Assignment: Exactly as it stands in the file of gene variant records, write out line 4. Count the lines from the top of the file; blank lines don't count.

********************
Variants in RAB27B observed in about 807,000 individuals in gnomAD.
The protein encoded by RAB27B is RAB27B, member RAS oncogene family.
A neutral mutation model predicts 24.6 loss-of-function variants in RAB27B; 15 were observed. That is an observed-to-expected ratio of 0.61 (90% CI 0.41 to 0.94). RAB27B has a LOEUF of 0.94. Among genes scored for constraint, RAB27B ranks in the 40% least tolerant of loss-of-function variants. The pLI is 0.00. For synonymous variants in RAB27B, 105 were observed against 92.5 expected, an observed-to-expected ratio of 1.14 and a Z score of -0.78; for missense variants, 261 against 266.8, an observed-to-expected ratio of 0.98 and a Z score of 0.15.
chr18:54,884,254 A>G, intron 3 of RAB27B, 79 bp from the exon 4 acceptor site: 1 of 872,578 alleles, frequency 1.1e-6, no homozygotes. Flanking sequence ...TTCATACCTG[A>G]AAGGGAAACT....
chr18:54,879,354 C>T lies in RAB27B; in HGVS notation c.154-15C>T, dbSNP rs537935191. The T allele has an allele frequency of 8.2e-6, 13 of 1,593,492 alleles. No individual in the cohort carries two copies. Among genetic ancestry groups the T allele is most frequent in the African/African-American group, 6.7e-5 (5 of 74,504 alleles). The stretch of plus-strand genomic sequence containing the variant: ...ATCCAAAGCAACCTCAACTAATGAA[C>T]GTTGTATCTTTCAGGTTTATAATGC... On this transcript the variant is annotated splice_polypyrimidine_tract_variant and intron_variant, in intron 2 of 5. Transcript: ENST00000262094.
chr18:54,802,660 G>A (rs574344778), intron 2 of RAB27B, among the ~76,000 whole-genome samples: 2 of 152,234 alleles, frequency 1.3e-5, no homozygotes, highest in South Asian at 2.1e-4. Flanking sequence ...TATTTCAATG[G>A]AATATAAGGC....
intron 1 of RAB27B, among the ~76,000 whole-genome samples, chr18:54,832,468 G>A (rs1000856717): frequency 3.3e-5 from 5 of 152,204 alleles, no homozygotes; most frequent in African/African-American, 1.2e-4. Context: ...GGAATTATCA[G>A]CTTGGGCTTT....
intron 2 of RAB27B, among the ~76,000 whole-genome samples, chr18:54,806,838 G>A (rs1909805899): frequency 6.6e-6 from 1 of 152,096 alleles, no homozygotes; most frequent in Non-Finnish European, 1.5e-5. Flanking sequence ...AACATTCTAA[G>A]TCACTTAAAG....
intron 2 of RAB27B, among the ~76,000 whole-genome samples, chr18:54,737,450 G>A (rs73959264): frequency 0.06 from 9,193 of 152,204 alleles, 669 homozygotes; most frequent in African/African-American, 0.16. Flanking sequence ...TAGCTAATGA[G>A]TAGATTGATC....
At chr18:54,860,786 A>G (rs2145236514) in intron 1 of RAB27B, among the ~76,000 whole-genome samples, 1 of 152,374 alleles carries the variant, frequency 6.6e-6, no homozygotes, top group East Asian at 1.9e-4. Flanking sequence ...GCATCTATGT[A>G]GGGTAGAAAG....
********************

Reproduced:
chr18:54,884,254 A>G, intron 3 of RAB27B, 79 bp from the exon 4 acceptor site: 1 of 872,578 alleles, frequency 1.1e-6, no homozygotes. Flanking sequence ...TTCATACCTG[A>G]AAGGGAAACT....